Archive for July, 2012

Comparison between UN resolutions: Israel and Turkey I was browsing through some of these UN resolutions related to Israel and comparing them with those on Turkey’s invasion and occupation of Cyprus, I noted a distinct difference in tone in the way the two states are addressed and treated.

For example, in UN Security Council Resolution 497 — which is related to Israel’s annexation of the Golan Heights from Syria following the 1967 Six Day War — it derides Israel for imposing “its laws, jurisdiction and administration in the occupied Syrian Golan Heights” and says that they are “null and void and without international legal effect.”  It demands that “Israel, the occupying Power, should rescind forthwith its decision.”

In a UN General Assembly resolution on the Golan, it patronizes Israel with harsh language such as: “illegal settlements”; “Israel has failed”; “Israel law null and void and has no validity”; referring to Golan as “occupied by Israel”; “Demands once more that Israel withdraw”; etc.

By stark contrast, when you look at the resolutions regarding Turkey’s invasion and occupation of another legal state, Cyprus — and which is still ongoing since 1974 — you don’t read that kind of patronizing language.  For example, in UN Security Council resolution 367 (1975), it instead “calls upon all States to respect sovereignty … of the Republic of Cyprus” — with no mention of Turkey by name. In paragraph 2 of this resolution it says that it “Regrets unilateral decision” declaring a part of Cyprus would be a “Federated Turkish State” (by Turkey, which is again not mentioned explicitly).

Turkey is hardly criticized in its occupation of Cyprus compared with how Israel has been prejudicially treated by the United Nations.  In fact, Turkey is only mentioned once in Resolution 367, even obliquely – and with the generous verb: ‘regret’. You don’t see the kind of mean language used against Israel in the Turkey resolution on Cyprus.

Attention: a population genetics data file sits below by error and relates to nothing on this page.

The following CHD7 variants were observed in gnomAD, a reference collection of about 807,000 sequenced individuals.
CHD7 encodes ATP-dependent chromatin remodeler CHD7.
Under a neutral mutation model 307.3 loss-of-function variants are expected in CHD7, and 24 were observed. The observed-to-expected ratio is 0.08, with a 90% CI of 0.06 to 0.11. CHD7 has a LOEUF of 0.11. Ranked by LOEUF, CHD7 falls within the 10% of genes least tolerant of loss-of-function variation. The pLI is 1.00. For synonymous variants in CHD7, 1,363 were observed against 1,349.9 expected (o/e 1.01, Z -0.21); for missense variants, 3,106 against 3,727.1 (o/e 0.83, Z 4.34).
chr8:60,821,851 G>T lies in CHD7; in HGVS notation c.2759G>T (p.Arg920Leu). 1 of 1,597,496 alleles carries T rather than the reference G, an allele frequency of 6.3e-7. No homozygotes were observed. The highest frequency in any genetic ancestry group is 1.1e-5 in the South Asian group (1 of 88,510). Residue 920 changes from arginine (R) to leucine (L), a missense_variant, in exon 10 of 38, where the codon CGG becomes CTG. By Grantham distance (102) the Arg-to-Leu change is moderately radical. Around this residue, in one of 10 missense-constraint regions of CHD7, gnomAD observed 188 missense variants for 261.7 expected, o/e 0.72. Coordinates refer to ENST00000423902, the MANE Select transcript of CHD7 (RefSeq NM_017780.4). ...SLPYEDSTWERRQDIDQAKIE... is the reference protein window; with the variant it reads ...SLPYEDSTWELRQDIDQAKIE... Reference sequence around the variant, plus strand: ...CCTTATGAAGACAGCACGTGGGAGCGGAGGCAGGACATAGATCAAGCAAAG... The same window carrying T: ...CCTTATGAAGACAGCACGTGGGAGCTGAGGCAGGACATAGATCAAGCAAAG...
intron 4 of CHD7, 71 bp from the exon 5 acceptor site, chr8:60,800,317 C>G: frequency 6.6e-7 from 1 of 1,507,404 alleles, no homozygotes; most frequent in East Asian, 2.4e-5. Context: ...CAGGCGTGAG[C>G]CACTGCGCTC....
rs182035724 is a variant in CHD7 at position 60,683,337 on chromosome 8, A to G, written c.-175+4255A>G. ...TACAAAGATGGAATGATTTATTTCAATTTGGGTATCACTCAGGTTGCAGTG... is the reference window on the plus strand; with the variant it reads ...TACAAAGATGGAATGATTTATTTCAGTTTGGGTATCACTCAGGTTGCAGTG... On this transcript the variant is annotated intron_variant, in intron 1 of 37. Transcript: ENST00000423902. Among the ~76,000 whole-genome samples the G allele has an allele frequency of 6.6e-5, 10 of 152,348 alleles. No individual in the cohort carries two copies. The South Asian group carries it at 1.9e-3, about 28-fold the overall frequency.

Clearly, there is distinct discrimination (by the so-called “international law”) against Israel. Nothing new, of course, since that has been known for a long time, but it is interesting to see it where it may not be obvious to look.

Higgs particle seems to exist looks like there will be a major announcement on Wednesday July 4th regarding the existence of the long postulated particle the Higgs boson of the Standard Model. Its existence had been conjectured in the mid 1960s. I’ve read several articles including some from prominent blogs maintained by top physicists in the area, and here is briefly what I gather from them:

1. The Higgs particle exists.

2. But some of its observed decay properties are at variance with those predicted by the Standard Model (the leading theory in Particle Physics) — and apparently significant. Particularly in the decay rates of the Higgs into two photons and into WW particles. The other decays seem to agree with theory.

3. The evidence for the Higgs particle is still indirect — in that they cannot see it directly, but they do see its ‘footprints’.

4. The evidence for its existence would appear to have risen to around a 4 sigma level of confidence (or maybe a little more?), which is about 99.99% certainty. In December 2011, the data back then allowed for a 3 sigma certainty, which is 99.7% confidence level. To be considered a discovery in Physics the criterion is to attain 5 sigma confidence — 99.9999%. (See the little table below for what these sigmas, or standard deviations, are.)

5. The Higgs mass is around 125 GeV. (Pretty heavy! About 133 times  the proton mass!)

6. Several independent experiments (at CERN and in the US) seem to be in general agreement.

So it looks like the Higgs exists but not quite exactly the one predicted. However, the experts will make the announcement on Wednesday. It is notable that they chose to announce on July 4th as well as having invited 5 key physicists, including Peter Higgs (shown in the photo here), to the event.

What do these sigma’s mean?  Basically, statistical degrees of certainty. Briefly,
1 sigma = 67% certainty;
2 sigma = 95% certainty;
3 sigma = 99.7% certainty (considered good evidence but not a discovery);
4 sigma = 99.99% certainty
5 sigma = 99.9999% certainty (considered ‘certain’ or a discovery).


Categories: News, Physics, Science